Europe is generally known for its tourist destinations like Rome, Paris and Vienna, but the continent is also home to over 400 national parks. Although most of these national parks are concentrated in a few countries including Norway, Great Britain, Sweden, Finland, Italy and Russia, you can find one in almost any country in the EU.
History of National Parks in Europe
The concept of national parks and protected areas as we know today originated in the USA in 1872. That’s when the US government designated Yellowstone, an area in the Rocky Mountains as a national park. Although the degree to which the US and Europe ‘protect’ these designated areas varies, the basic principle behind all parks is the same i.e. to preserve nature, landscape and wildlife in designated areas.
The concept of protected areas has been around in Europe for several thousand years for example in the forms of areas that had significant religious or spiritual importance. But it wasn’t until the early 20th century that the concept of national parks and protected areas began to take shape.
Sweden was the first European country to follow the footsteps of the US and recognized nine national parks in 1909. Other European countries followed Sweden’s rapid introduction and started establishing national parks based on different criteria including touristic and aesthetic values.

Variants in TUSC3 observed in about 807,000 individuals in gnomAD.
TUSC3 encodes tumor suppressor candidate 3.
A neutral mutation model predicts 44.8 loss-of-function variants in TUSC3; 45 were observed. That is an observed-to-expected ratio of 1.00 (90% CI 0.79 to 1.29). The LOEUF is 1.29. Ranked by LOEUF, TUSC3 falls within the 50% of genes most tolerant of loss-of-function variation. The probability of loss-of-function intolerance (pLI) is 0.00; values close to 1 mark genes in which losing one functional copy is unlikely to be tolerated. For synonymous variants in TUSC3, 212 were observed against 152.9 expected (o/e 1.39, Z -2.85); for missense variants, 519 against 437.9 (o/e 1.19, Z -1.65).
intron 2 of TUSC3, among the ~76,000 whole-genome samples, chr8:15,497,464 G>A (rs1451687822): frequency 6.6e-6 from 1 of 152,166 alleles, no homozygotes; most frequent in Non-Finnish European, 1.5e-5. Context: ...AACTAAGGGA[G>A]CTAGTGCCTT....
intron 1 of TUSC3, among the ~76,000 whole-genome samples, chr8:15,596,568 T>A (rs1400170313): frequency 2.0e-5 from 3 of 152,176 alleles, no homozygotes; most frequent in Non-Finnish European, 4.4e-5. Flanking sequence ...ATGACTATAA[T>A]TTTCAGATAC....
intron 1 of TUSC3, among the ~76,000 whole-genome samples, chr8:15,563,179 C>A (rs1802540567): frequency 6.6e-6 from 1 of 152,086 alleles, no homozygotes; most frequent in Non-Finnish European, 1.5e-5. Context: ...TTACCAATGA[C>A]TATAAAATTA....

What is a National Park?
National Parks are generally considered to be protected areas where logging is prohibited and no one is allowed to take anything out. However, the degree to which these rules apply varies from one country and park to another. Not all national parks are protected areas and not all protected areas are logging-free.
Although the main purpose of a national park is to conserve the landscape and wildlife, there are other co-benefits too, including tourism, recreational opportunities and environmental awareness. Tourism provides an opportunity for rural communities to generate income and is of great economic value to them.
Protected areas in Europe are diverse and comprise a wide range of ecosystems. Similarly, the management and administrative frameworks of different countries are also diverse and unique. That’s why when talking about national parks in Europe, we have to keep the local framework in mind instead of considering all national parks the same.
Europe has more protected areas than any other region/continent in the world. Common designations of protected areas include national park, nature park, regional park, biosphere reserve, nature reserve, wilderness area, landscape protected area, wildlife management area and community-protected area. A national park can be any of these and many of Europe’s national parks covered below are also UNESCO World Heritage Sites or Biosphere reserves.
The Best National Parks in Europe
Whether you are a hiker, a climber or just want to drive through beautiful landscapes, there are plenty of options to choose from. It’s not practically possible to include all of these here, so we have selected some of the best national parks in Europe spread across the continent.
Check out the web story below to have a look:
2 thoughts on “The Top 30 National Parks in Europe”
Turkey isn’t Europe. 😉
Hey Ingo, you’re right, while a small part of Turkey is still considered part of Europe, this national park indeed isn’t part of Europe.
Will replace it with another one.